Q&A: Scott Hawkins | Debut Spotlight, October 15, 2015

©Scott Hawkins

An enticing and horrifying mashup of urban fantasy and mythology, Scott Hawkins’s debut novel, The Library at Mount Char, is sure to please adults and older teens looking for a harder edge and larger scale.

The Mountain Shadow by Gregory David Roberts | LJ Review


Gregory David Roberts’s long-awaited sequel to his best-selling Shantaram is bound to be as big a hit as its predecessor.

Reading in Translation | Wyatt’s World


Different rhythms, fresh stories, and landscapes unfamiliar fill the pages of translated novels. Here are five of fall’s buzziest, or simply most startling, picks, offering a diversity of sounds, approaches, and characters.

What’s in Santa’s Book Bag? Twenty-six Christmas Titles To Get Readers in a Festive Mood


This Yuletide season brings a sleigh full of Christmas cozies, from Elizabethan England to present-day Nantucket, MA, tempered by a few darker mysteries courtesy of Ann Cleeves and L.J. Oliver.

Jill Bialosky’s The Prize: An Investigation into the True Value of Art


For her novel, The Prize, Bialosky wanted to escape the realities of her daily life to focus on the key idea: the intersection of art and commerce.

LJ Fiction Reviews: October 1, 2015


Stars for Graves’s erotic romance, Tainted Heart, King’s stellar collection of short fiction, Bazaar of Bad Dreams, Baugh’s Mystery Pick of the Month, Quicksand, and more.

Fiction from Eskens, Farnsworth, Leigh, Scottoline, Toyne, and Valente | Xpress Reviews


Fans of Harry Bosch will eat up Eskens’s latest, Farnsworth’s blend of historical fiction and cutting-edge science adventure, a compelling historical series opener from Leigh, Scottoline won’t disappoint, Toyne turns in a subtle thriller, Valente is a major voice in modern sf and fantasy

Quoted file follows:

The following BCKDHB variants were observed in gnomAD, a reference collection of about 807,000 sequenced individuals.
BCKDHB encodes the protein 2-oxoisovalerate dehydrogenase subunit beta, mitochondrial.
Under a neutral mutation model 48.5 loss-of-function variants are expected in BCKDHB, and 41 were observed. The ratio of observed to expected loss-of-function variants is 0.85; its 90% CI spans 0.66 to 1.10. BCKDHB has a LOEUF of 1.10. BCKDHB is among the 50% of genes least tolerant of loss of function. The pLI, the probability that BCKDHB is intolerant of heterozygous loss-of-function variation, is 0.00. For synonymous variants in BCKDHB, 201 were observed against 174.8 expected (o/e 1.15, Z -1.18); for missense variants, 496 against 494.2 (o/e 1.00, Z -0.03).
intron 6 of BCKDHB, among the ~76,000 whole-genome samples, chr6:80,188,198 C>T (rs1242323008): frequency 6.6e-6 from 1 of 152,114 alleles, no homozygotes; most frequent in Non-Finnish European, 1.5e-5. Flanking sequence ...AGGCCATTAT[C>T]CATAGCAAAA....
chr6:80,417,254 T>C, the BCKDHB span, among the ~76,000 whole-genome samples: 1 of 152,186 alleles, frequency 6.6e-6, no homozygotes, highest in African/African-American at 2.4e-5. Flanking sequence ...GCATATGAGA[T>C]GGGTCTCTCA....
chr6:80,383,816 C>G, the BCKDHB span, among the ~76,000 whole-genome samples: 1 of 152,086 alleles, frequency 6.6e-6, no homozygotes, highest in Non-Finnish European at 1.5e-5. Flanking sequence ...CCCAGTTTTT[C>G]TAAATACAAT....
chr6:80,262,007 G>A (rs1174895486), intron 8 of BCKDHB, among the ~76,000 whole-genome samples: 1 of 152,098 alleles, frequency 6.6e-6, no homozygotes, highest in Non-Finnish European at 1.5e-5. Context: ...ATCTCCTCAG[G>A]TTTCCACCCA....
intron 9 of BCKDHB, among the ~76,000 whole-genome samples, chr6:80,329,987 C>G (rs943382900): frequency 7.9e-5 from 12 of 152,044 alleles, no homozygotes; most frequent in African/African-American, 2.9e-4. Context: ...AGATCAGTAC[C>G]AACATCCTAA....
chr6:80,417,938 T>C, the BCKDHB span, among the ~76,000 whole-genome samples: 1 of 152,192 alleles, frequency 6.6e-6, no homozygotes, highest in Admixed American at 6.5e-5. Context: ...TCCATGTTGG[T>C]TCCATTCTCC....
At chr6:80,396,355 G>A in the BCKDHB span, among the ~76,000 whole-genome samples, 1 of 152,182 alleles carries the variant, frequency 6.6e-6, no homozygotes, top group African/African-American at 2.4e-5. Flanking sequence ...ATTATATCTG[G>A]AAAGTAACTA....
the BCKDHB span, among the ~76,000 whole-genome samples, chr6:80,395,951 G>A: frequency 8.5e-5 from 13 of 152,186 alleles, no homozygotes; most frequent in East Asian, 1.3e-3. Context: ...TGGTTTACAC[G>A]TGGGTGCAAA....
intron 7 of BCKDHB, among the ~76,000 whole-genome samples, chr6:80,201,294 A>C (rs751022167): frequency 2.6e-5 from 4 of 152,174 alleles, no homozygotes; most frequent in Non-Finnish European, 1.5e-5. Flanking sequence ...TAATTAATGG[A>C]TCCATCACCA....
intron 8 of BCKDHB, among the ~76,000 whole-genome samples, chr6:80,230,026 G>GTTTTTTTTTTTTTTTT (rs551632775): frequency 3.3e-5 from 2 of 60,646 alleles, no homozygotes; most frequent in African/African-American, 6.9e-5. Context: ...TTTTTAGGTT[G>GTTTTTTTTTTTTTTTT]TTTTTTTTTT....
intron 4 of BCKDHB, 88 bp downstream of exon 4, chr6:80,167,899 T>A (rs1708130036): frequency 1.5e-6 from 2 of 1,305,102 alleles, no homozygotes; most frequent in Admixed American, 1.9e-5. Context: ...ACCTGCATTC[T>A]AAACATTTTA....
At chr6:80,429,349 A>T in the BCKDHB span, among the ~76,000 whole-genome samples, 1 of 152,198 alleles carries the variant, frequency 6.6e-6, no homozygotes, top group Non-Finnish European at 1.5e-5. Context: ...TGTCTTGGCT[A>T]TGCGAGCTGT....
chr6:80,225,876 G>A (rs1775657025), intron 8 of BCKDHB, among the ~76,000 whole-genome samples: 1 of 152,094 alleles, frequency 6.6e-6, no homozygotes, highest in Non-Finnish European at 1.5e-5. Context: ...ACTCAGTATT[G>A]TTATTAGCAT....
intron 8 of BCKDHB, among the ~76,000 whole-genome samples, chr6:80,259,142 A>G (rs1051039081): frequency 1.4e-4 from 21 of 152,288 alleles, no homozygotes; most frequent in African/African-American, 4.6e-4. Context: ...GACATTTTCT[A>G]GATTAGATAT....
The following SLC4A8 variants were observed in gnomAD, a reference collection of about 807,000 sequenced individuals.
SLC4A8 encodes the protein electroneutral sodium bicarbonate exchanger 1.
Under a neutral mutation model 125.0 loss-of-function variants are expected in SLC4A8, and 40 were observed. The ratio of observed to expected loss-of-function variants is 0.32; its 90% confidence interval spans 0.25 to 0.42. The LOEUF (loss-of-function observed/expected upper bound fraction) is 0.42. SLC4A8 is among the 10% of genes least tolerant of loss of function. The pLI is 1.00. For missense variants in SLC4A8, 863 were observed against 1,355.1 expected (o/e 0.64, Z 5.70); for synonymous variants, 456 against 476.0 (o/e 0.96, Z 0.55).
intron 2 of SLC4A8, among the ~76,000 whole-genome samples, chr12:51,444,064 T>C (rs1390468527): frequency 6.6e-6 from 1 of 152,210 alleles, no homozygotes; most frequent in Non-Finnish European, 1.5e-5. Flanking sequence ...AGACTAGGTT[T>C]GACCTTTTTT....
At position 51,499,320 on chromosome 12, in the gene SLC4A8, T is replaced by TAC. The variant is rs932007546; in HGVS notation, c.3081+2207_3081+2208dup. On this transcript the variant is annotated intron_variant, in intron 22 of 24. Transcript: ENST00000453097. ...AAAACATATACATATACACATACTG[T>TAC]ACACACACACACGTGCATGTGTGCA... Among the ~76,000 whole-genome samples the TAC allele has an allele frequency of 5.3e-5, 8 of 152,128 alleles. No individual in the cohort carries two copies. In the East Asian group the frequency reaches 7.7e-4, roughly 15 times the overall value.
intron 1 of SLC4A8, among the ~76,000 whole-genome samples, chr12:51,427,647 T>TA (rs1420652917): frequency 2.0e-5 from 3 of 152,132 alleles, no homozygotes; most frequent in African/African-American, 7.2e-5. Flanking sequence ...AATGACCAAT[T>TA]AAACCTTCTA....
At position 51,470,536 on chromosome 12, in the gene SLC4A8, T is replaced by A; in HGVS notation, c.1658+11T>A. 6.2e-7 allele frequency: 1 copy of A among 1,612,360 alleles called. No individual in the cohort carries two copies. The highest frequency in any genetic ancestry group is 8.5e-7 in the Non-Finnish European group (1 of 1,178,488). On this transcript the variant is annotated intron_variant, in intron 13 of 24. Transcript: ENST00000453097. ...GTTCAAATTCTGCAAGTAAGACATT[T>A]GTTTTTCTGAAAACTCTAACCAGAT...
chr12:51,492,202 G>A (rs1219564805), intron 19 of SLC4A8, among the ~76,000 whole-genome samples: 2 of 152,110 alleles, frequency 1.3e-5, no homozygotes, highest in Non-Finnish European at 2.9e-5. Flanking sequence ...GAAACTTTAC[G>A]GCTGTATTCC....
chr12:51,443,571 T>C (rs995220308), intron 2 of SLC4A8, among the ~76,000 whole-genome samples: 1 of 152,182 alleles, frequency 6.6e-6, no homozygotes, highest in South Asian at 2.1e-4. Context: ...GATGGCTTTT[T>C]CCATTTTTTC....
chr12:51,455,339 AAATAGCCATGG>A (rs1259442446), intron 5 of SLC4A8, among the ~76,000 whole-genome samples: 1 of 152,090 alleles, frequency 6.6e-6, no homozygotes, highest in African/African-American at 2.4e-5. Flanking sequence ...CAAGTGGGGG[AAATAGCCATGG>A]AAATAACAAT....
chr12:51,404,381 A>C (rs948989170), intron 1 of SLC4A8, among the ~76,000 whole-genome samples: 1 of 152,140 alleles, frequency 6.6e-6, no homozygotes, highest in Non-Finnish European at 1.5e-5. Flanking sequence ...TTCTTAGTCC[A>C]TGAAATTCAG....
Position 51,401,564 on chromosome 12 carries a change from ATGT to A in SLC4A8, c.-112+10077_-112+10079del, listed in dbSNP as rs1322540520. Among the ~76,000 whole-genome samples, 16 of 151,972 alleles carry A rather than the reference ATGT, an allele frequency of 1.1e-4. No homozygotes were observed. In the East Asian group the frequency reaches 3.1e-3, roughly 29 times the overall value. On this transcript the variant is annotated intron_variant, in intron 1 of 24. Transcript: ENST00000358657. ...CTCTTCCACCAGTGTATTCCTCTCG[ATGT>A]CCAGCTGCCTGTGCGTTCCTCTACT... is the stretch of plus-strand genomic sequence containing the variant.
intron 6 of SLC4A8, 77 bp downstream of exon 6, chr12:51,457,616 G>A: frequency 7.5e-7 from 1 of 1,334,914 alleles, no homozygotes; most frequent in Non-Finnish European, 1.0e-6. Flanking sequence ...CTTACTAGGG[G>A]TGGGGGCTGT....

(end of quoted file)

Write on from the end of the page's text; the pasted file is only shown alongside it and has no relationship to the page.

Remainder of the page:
Haunting Halloween Debuts | The Reader’s Shelf, October 1, 2015


Looking for some new voices in horror to suggest to patrons this Halloween? Here are six satisfyingly scary recent debuts that showcase the vibrant state of today’s horror.

Espionage: In From the Cold | Collection Development: Spy Fiction & More, October 1, 2015


Spy fiction is alive and well, despite the loss of its favorite setting—the Berlin Wall—and the demise of its chief nemesis—the Soviet Union. Warm up your collection with these 18 titles.

Fiction from Arlidge and Cullen, and Debuter Critchley | Xpress Reviews


Arlidge delivers on the promise of the first Helen Grace thriller with Pop Goes the Weasel; Critchley’s debut is utterly readable, swiftly entertaining, and at moments blackly funny; fans of historical fiction and biographies will enjoy Cullen’s novel about Mark Twain